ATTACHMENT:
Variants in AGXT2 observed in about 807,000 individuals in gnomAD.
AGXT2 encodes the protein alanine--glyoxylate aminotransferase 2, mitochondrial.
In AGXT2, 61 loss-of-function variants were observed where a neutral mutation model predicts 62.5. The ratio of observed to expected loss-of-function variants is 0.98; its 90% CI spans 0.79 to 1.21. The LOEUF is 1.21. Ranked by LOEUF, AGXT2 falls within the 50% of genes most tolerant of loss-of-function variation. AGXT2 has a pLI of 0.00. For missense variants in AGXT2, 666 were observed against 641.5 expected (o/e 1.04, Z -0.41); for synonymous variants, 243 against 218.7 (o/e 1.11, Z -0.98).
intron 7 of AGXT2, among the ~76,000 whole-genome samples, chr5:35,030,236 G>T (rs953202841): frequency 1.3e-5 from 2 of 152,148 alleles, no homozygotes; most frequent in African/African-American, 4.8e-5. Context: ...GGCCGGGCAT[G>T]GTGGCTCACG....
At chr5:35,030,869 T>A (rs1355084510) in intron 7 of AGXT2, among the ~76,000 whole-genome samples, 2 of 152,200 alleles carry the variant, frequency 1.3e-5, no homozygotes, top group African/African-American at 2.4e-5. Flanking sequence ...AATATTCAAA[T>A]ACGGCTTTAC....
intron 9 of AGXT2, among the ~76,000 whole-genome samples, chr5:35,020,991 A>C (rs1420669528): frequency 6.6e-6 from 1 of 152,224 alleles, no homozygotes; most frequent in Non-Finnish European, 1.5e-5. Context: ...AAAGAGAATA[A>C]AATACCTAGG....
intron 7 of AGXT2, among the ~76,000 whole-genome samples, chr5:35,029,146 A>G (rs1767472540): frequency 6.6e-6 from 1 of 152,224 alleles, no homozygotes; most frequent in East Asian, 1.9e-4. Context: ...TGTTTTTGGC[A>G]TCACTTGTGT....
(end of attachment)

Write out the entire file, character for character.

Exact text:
Variants in AGXT2 observed in about 807,000 individuals in gnomAD.
AGXT2 encodes the protein alanine--glyoxylate aminotransferase 2, mitochondrial.
In AGXT2, 61 loss-of-function variants were observed where a neutral mutation model predicts 62.5. The ratio of observed to expected loss-of-function variants is 0.98; its 90% CI spans 0.79 to 1.21. The LOEUF is 1.21. Ranked by LOEUF, AGXT2 falls within the 50% of genes most tolerant of loss-of-function variation. AGXT2 has a pLI of 0.00. For missense variants in AGXT2, 666 were observed against 641.5 expected (o/e 1.04, Z -0.41); for synonymous variants, 243 against 218.7 (o/e 1.11, Z -0.98).
intron 7 of AGXT2, among the ~76,000 whole-genome samples, chr5:35,030,236 G>T (rs953202841): frequency 1.3e-5 from 2 of 152,148 alleles, no homozygotes; most frequent in African/African-American, 4.8e-5. Context: ...GGCCGGGCAT[G>T]GTGGCTCACG....
At chr5:35,030,869 T>A (rs1355084510) in intron 7 of AGXT2, among the ~76,000 whole-genome samples, 2 of 152,200 alleles carry the variant, frequency 1.3e-5, no homozygotes, top group African/African-American at 2.4e-5. Flanking sequence ...AATATTCAAA[T>A]ACGGCTTTAC....
intron 9 of AGXT2, among the ~76,000 whole-genome samples, chr5:35,020,991 A>C (rs1420669528): frequency 6.6e-6 from 1 of 152,224 alleles, no homozygotes; most frequent in Non-Finnish European, 1.5e-5. Context: ...AAAGAGAATA[A>C]AATACCTAGG....
intron 7 of AGXT2, among the ~76,000 whole-genome samples, chr5:35,029,146 A>G (rs1767472540): frequency 6.6e-6 from 1 of 152,224 alleles, no homozygotes; most frequent in East Asian, 1.9e-4. Context: ...TGTTTTTGGC[A>G]TCACTTGTGT....